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The IOC always wins

Apr 10, 2014
Image caption:
© miss604 /

The International Olympic Committee (IOC) is a private association registered under Swiss law, and has been based in Lausanne since 1915. The IOC awards the Olympic Games and is the “owner” of the Olympic symbols and the Games. There are no grand ethical treatises or discourses on the philosophy of sport to be found in the Olympic Charter. On the contrary, the Charter and the Host City Contract regulate the terms and conditions for awarding the Summer or Winter Olympics – and do so in the most meticulous detail. Ultimately, it’s all about money, and more and more of it. Like world football’s governing body FIFA with the World Cup, the IOC compels every government wishing to stage the Olympic Games to grant it tax exemption. This private association under Swiss law is a de facto global corporation, negotiating with states and organisations such as the UN and possessing a quasi-diplomatic status, unhindered and untroubled by criminal law or international conventions.

Willing candidates accept every condition

The magic word “Olympic Games” prompts nation states and potential host cities to agree to all the IOC’s terms and conditions right from the outset, even though the IOC’s business practices are regarded as highly controversial. The IOC uses the willingness of candidates to host the Games in order to dictate terms that business partners in normal business life would neither demand nor accept. The candidate cities sign on the dotted line practically as legal predecessors of the Organising Committee of the Olympic Games (OCOG), even though they are not accorded the right to exert any influence whatsoever. OCOG plans, finances and stages the actual Games. This includes the organisational costs and the costs for temporary facilities. The OCOG budget includes revenue from TV rights, marketing rights, lottery and coin issue programmes, and IOC contributions. The entire residual risk is borne by the government, the country and the host cities. All the permanent facilities such as the infrastructure and all that remains and is not immediately dismantled must be financed by the host cities.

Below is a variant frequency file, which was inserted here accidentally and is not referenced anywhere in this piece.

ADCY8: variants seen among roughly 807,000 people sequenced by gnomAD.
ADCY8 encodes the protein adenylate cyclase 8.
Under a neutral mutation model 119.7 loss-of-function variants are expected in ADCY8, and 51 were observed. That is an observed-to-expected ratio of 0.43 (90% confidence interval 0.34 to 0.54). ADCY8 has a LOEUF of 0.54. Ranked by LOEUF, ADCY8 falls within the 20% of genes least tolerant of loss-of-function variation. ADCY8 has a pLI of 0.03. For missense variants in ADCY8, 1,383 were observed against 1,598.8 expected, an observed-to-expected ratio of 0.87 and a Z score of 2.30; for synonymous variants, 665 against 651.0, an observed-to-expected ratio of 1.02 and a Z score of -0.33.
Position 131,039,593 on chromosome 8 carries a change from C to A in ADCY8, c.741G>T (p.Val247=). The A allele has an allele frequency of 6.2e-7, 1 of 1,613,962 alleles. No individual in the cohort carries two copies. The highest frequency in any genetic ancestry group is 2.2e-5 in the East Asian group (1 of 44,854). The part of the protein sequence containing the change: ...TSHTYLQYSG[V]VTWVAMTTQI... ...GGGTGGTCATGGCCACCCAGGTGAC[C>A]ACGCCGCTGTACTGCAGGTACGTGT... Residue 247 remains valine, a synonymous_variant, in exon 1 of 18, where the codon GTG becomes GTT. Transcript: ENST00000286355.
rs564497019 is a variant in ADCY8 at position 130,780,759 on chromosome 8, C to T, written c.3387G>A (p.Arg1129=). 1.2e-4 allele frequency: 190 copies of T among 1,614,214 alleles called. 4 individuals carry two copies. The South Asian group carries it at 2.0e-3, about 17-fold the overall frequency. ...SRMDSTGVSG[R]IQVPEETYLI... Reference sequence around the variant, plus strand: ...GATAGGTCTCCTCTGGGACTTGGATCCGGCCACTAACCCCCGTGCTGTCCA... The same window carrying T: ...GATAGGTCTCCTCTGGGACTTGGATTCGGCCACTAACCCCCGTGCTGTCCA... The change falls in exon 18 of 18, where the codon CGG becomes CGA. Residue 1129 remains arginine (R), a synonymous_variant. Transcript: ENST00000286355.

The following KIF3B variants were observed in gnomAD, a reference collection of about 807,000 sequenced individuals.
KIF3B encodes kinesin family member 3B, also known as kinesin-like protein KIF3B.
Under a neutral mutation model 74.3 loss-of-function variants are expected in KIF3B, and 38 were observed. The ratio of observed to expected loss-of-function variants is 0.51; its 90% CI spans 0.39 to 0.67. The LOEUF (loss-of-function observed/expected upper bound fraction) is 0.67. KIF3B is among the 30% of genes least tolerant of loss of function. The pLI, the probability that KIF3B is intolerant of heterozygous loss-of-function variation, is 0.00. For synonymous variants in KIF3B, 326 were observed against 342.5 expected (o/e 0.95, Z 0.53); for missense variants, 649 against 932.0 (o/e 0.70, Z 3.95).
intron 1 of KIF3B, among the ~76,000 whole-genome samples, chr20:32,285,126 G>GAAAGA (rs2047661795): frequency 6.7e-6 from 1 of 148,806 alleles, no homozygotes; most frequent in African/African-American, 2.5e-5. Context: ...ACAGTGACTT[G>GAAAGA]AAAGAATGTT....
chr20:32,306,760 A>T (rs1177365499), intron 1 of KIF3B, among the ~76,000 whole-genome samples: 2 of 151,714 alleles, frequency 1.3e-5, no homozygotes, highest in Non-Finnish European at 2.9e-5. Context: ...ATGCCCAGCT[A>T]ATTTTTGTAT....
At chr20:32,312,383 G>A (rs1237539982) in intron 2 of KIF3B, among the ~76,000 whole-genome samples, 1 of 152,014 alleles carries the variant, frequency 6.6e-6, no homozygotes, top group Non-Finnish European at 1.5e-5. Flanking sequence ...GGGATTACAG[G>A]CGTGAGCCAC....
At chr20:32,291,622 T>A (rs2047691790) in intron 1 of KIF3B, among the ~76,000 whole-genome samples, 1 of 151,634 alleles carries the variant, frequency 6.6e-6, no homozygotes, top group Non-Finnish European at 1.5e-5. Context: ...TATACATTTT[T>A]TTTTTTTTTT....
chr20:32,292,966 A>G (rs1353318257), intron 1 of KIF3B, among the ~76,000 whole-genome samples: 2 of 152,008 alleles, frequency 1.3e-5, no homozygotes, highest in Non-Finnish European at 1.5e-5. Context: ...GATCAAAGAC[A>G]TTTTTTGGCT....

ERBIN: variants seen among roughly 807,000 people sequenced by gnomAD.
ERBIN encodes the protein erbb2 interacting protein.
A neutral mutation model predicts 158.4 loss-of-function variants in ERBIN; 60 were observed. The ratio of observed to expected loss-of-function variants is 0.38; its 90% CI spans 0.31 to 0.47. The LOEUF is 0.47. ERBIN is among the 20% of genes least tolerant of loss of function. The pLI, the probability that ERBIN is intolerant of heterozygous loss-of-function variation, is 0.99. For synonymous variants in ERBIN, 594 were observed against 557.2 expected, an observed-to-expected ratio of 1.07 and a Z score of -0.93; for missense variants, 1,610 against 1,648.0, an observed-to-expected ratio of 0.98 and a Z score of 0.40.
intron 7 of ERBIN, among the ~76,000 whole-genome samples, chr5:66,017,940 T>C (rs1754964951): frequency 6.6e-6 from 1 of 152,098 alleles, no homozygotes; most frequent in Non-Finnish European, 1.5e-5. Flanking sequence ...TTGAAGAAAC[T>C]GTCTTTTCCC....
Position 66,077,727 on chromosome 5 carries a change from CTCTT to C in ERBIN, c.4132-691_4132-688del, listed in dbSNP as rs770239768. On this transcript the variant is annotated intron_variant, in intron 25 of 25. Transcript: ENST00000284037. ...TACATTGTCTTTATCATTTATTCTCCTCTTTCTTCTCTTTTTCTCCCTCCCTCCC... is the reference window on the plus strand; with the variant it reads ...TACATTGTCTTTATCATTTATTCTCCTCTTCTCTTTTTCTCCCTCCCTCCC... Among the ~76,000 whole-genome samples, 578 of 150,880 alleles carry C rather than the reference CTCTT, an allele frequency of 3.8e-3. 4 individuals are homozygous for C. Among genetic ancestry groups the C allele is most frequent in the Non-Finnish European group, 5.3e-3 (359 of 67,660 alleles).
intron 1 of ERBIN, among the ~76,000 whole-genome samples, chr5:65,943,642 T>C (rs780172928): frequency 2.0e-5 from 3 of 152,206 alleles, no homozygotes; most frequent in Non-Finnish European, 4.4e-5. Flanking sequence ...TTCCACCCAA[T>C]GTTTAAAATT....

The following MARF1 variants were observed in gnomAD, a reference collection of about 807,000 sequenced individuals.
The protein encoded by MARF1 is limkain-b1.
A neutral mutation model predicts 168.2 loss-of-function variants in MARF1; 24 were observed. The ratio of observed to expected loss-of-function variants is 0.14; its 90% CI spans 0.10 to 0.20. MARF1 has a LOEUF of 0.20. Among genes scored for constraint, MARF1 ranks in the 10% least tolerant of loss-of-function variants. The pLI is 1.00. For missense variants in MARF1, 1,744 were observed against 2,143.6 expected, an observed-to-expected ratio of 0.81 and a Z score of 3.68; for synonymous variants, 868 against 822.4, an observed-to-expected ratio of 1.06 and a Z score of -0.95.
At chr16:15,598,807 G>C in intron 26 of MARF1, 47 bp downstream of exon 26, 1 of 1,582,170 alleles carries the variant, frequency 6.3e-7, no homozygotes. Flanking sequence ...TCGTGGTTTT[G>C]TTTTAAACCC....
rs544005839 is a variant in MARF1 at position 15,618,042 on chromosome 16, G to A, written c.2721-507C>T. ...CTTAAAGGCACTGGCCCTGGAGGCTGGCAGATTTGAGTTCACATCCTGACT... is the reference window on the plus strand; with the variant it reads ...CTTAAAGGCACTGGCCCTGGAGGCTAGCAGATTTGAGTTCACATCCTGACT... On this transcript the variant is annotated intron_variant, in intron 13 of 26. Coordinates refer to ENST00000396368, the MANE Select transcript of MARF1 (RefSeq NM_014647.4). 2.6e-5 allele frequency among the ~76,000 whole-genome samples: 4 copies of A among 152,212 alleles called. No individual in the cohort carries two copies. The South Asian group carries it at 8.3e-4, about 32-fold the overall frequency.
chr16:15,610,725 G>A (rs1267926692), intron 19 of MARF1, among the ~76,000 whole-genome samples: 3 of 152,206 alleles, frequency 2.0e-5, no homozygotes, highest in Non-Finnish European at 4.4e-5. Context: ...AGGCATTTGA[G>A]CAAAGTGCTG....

Unreasonable and oppressive contracts

The drafts of IOC contracts with candidate cities were described as unreasonable and oppressive by the legal experts of the Federal Province of Salzburg in their assessment of the Host City Contract for Salzburg (2014 candidature) (Axel Doering, Gesellschaft für ökologische Forschung e.V.). The IOC has sole discretionary power to decide what proportion of the net income from the marketing programme and the sale of broadcasting rights – as the main revenue streams – it cedes to OCOG. The IOC has the option of retaining payments of up to 25 per cent, at its sole discretion, in the event of OCOG’s failure to honour its obligations. The IOC reserves the right unilaterally to amend its technical guidance documents, handbooks and other guidelines, the contents of which are entirely undefined and currently not known to OCOG, and compels OCOG among others to adapt to these amendments. Without the IOC’s consent, OCOG may not amend the capacity, contents, location, structure or design of the hosting venues and/or Olympic Village proposed in its candidacy. This means that the candidacy dossier is binding on the authorities vis-à-vis the IOC even before standard planning permission procedures for the Olympic facilities have been undertaken.
Source: (de)